ACTIVE | Landscape Architecture Magazine



A concept for the InterPlay Park called “The Window” would allow visitors to observe the freeway traffic below. Image by Terrain Work.

Freeway Park in Seattle, Rose Kennedy Greenway in Boston and Klyde Warren Park in Dallas. Though all three Highway Deck parks are known outside of their hometowns for their bold design and engineering, it’s OJB’s third that has arguably sparked a wave of similar projects in recent years. Cities and developers have begun to look at deck parks as a way to jump-start ghostly inner cities and weld communities back together after freeways cut through them in the 1960s and 1970s. An increased focus on reconnecting neighborhoods in Infrastructure Bill debates brought Highway Deck Parks onto the national stage.

When I-74 passed through Peoria, Illinois in 1958, it separated downtown from adjacent neighborhoods, including several historical and cultural landmarks. Businesses went down, able-bodied people migrated to the suburbs, while others were stuck in neighborhoods in decline due to redlining. With a population of 113,000, Peoria is a mid-size city, not a major urban center like Seattle, Boston, or Dallas, and it doesn’t have the political or philanthropic base of a big city. But hometown promoters, including Theodore Hoerr, ASLA, of New York landscape architecture and urban planning firm Terrain Work, believe a highway deck park could do more than knit the city’s scars. “I would argue that it could change the trajectory of downtown Peoria and the city itself,” says Hoerr.

Hoerr grew up in a family kindergarten with a design/build company not far outside of Peoria and maintains close ties to the place, including some projects. He had been working on a master plan for the Peoria Riverfront Museum and had moved home for the summer during the pandemic when he teamed up with KDB Group’s Kim Blickenstaff. Blickenstaff knew Klyde Warren Park and had looked at places around I-74. Concepts for the deck park quickly came together, followed by a community engagement campaign that began developing the park’s programming and purpose.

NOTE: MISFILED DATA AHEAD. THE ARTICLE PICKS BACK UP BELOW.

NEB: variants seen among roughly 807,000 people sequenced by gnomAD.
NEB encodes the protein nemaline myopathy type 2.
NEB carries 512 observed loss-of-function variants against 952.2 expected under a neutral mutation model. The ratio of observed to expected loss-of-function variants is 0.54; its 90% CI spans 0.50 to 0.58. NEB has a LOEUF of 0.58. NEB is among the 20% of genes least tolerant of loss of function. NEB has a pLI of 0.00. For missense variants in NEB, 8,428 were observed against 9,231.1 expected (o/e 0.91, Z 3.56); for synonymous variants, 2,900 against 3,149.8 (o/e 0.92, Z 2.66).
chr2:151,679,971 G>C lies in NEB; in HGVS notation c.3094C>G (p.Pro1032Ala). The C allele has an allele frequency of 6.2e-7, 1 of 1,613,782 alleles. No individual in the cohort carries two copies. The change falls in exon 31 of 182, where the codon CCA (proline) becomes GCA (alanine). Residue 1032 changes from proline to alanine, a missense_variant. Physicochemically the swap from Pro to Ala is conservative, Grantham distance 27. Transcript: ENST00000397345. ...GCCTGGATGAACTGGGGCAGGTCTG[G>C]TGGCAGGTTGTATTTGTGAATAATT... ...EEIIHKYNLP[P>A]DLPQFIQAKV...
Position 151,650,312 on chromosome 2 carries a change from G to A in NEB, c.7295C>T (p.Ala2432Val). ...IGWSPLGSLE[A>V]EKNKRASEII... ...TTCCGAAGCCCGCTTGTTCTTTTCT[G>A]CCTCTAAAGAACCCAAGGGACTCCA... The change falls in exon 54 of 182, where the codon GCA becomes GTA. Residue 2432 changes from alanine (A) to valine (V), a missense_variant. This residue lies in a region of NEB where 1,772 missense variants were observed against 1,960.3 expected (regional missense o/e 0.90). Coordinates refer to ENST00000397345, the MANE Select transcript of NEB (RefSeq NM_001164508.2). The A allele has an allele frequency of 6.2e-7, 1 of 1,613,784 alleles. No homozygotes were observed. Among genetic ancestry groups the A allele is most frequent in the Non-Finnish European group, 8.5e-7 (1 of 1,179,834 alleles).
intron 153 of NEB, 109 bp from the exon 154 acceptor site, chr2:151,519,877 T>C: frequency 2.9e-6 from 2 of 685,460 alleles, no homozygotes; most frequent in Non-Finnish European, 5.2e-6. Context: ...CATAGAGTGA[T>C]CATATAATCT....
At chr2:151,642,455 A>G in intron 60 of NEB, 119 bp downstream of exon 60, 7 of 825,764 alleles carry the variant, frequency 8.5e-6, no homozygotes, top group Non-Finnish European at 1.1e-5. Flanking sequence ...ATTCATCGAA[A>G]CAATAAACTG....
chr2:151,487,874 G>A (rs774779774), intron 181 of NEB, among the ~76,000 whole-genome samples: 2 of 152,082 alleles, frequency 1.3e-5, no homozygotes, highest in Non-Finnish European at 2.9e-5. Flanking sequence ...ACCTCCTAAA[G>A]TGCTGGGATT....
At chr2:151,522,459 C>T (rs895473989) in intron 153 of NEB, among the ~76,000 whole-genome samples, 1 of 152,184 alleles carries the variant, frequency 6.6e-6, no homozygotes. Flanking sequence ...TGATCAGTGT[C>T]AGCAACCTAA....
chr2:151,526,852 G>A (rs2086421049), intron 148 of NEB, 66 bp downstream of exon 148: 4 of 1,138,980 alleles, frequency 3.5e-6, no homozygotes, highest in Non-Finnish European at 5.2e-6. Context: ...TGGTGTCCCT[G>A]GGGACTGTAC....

The proposal, called InterPlay Park, emphasizes intergenerational play. Several program areas, called Molecules, are threading the needle, designed just enough to spark interest while remaining open and flexible to allow local nonprofit groups to adapt. According to Hoerr, the park also has in mind the needs of the growing demographic of older adults and sees opportunities to combine activities for the elderly and youth. The proposal quickly garnered political goodwill, including interest from former US Secretary of Transportation Ray LaHood, who has pledged to throw his political capital behind the project. The challenges of launching an ambitious deck park in an embattled midsize city will require state and regional support, but Hoerr says he believes the project should be viewed as more than a local convenience. “It’s actually a park that helps shape the region’s identity — it attracts families, attracts businesses, and helps support all Peorians.”

Posted in CITIES, ECONOMY, ENVIRONMENT, PARKS, LEISURE, THE BACK | Tagged Downtown, Highway Deck Park, InterPlay Park, Jennifer Reut, Peoria, Terrain Work, Theodore Hoerr | Leave a comment


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